Wisconsin-Madison in 1988, and a master’s degree in Engineering Management from the University of Wisconsin-Madison in May 2010. He has also earned the Power Metal Technologist (PMT) certification from APMI International, and a certificate in Mid-Management Development from University of Wisconsin-Madison.
Christopherson was elected to the APMI International Board of Directors in 2007 and served as
chairman of the APMI International Publications Committee for four years. He served as co-chair of the 2013 International Conference on Powder Metallurgy and Particulate Materials, and is currently on the Board of Directors for the Powder Metal Parts Association (PMPA) of MPIF.

He has authored several articles in the areas of powder metallurgy and superconducting materials, including the PM machinability sections of the 2015 edition of the ASM Metals Handbook, Volume 7, and co-authored the testing and measurement section of the MPIF Design Manual. Christopherson is active in several powder metal industry societies including APMI International, Metal Powder Industries Federation (MPIF), and the American Society for Testing and Materials (ASTM), and is a frequent speaker at seminars and conferences. He has earned thirteen patents in the area of powder metal technology, and has several more pending.

About the author

Professor L’Espérance obtained his bachelor degree in 1978 in industrial metallurgy and Materials Science at the University of Birmingham in England. He obtained his doctorate in 1981 at the same University.

He joined Ecole Polytechnique de Montréal in 1982 where he became a professor in 1983.  He co-founded in 1986 the Center for Characterization and Microscopy of Materials, (CM)² which is equipped with state of the art electron microscopes.  From 1998 to 2004 he spent 50% of his time in industry working with a Metal Powder producer and its customers.

His main research activities include: 1) the development and application of electron microscopy techniques to establish the relationships between the processing of materials, their nano/microstructure and their properties; 2) powder metallurgy particularly the development of metal powders for high performance press and sinter applications and additive manufacturing.

He was elected Fellow of the Canadian Academy of Engineers (FCAE) in 2004, Fellow of the American Metal Powder Institute (AMPI) in 2006 and he received in 2013 the distinguished service award to Powder Metallurgy from the Metal Powder Industries Federation (MPIF).  Over his 33 years of career, he supervised 51 post graduate students all of whom work in engineering and 5 have become university professors. He currently supervises 3 Ph.D. students, 2 M.Sc.A. students and 4 research associates.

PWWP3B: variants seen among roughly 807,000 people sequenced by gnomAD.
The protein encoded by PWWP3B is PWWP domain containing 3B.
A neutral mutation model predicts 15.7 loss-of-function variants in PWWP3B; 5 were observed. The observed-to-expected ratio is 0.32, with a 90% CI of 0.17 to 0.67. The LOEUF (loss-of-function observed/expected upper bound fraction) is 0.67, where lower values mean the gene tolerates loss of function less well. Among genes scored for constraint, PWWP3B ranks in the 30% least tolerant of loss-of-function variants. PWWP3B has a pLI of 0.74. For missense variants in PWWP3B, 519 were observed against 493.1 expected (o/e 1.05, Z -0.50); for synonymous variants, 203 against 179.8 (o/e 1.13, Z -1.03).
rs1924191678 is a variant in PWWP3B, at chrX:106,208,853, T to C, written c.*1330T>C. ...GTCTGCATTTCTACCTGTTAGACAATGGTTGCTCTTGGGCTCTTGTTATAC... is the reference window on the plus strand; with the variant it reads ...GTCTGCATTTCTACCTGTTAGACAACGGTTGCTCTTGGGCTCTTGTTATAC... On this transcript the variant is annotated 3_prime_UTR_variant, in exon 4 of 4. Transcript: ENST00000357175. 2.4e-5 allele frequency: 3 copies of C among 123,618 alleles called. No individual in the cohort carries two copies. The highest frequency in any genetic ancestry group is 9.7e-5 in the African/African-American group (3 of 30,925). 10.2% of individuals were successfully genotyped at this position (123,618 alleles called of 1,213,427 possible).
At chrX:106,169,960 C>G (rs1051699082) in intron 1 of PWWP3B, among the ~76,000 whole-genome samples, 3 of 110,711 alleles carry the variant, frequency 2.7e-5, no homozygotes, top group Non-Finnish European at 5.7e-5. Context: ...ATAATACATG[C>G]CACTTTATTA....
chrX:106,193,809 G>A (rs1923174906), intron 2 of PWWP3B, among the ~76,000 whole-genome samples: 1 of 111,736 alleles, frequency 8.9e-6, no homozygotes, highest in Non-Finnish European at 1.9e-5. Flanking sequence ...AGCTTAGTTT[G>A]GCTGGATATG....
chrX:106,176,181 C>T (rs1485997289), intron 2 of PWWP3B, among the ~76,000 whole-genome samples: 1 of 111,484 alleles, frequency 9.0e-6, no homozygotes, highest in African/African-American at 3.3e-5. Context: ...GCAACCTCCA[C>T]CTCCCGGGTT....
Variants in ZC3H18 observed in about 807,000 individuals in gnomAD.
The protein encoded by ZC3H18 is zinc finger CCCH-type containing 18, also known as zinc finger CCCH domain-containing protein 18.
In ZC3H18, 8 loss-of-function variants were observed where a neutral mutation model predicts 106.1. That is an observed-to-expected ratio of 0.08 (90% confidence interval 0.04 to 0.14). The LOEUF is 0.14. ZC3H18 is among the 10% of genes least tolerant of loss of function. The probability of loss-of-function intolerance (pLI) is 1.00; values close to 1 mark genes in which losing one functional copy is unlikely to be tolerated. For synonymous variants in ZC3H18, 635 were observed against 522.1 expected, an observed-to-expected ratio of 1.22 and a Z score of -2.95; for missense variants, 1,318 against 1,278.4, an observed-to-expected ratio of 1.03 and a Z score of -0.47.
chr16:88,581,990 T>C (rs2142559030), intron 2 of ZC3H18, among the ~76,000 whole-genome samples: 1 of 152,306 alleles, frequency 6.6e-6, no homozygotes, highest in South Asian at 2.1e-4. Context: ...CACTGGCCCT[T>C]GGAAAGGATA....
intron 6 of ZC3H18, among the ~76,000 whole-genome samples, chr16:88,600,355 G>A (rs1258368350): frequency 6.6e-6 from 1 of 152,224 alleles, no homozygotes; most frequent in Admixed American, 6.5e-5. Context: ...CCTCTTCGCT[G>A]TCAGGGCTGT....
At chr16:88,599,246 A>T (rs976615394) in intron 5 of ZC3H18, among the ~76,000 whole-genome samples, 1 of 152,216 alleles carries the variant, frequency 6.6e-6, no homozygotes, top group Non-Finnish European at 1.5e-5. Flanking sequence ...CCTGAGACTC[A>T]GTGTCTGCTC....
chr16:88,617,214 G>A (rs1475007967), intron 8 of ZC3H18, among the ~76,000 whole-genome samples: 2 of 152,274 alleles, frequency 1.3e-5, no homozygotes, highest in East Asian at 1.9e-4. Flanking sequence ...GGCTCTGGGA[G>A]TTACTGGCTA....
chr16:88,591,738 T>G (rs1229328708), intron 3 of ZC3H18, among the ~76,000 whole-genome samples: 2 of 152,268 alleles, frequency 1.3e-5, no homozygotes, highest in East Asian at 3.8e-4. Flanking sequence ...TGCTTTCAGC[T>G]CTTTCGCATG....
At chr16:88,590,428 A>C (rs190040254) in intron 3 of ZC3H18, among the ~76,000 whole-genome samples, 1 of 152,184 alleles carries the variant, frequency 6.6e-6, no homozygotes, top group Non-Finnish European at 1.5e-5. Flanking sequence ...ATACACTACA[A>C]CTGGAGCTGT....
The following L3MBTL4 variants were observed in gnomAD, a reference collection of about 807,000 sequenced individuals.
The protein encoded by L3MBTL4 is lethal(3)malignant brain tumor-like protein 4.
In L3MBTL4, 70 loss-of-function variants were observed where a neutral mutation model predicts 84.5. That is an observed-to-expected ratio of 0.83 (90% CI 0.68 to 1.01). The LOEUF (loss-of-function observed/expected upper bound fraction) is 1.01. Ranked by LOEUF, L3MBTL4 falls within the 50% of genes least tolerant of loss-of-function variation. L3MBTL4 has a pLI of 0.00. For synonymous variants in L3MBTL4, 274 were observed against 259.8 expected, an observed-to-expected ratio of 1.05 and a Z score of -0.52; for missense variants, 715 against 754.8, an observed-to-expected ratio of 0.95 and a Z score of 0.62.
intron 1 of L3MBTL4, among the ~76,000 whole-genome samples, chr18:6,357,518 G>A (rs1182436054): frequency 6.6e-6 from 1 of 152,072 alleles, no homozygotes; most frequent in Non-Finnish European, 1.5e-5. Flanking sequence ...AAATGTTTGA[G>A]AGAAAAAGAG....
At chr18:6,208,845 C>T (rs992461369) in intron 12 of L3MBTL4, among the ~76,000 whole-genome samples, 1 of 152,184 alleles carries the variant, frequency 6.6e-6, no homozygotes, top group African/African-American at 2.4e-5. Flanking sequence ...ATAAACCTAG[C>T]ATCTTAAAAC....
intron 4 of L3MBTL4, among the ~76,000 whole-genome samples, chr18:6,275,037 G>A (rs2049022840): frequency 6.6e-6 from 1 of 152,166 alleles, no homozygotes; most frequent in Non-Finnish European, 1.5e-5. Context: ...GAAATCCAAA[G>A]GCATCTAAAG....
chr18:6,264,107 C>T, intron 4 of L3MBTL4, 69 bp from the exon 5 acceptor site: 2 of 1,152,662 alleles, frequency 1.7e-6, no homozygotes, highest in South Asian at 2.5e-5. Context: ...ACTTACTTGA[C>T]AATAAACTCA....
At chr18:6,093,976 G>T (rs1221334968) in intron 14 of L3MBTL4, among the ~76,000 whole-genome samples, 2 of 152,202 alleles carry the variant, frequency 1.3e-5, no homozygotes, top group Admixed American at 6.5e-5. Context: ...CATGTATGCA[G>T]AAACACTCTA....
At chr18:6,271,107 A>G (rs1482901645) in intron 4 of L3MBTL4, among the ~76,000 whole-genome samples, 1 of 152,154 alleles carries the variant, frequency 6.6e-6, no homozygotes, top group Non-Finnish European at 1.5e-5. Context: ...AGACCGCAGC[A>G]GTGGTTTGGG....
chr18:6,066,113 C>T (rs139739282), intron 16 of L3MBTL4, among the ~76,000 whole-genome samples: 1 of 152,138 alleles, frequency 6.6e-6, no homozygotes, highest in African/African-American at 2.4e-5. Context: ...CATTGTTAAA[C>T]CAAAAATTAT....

About the author

Dr. Mathieu Boisvert earned his bachelor degree in materials engineering in 2008 and his doctoral degree in powder metallurgy from École Polytechnique de Montréal in 2016. His doctoral research focused on:

  • Detailed electron microscopy of powder metals and sintered parts.
  • Investigation of the growth mechanism of nodular graphite in cast iron powder.
  • Characterization of oxide bifilms in water-atomized powders.
  • The effect of a magnesium treatment of the melt on the morphology of water atomized particles.
  • Development and implementation of sintering processes of new cast iron powders.
  • Development of powder metal automotive parts with improved wear resistance.

Since September 2016, Dr. Mathieu Boisvert is working as a R&D metallurgist at Federal-Mogul Powertrain on the development of new powder metal alloys for valve seat inserts and valve guides.

About the author

Dr. Philippe Beaulieu joined Federal-Mogul Powertrain in 2012 as a research and development metallurgist in the valve seats and guides group on material development & tribology. Since 2017, he is the research & development manager for Europe for the valve seats and guides group of Federal-Mogul Powertrain. He is supporting material development and tribology within the valve seat & guides group and support the European market for new materials and new customer applications.

He earned his bachelor degree in materials engineering in 2000 and his doctoral degree in metallurgical engineering from École Polytechnique of Montréal in 2012. His doctoral research focused on:

  • Development of water atomized highly alloyed ferrous powders for high wear resistance applications.
  • Development of PM sintered materials for high temperature and high wear resistance valve seat insert applications.
  • Detailed characterization of nanostructures in water atomized high alloy tool steel powders.


Mathieu Boisvert, Denis Christopherson, Philippe Beaulieu, Gilles L’Espérance. Treatment of ferrous melts for the improvement of the sphericity of water atomized powders. Materials and Design. Volume 116 (2017) pages 644–655.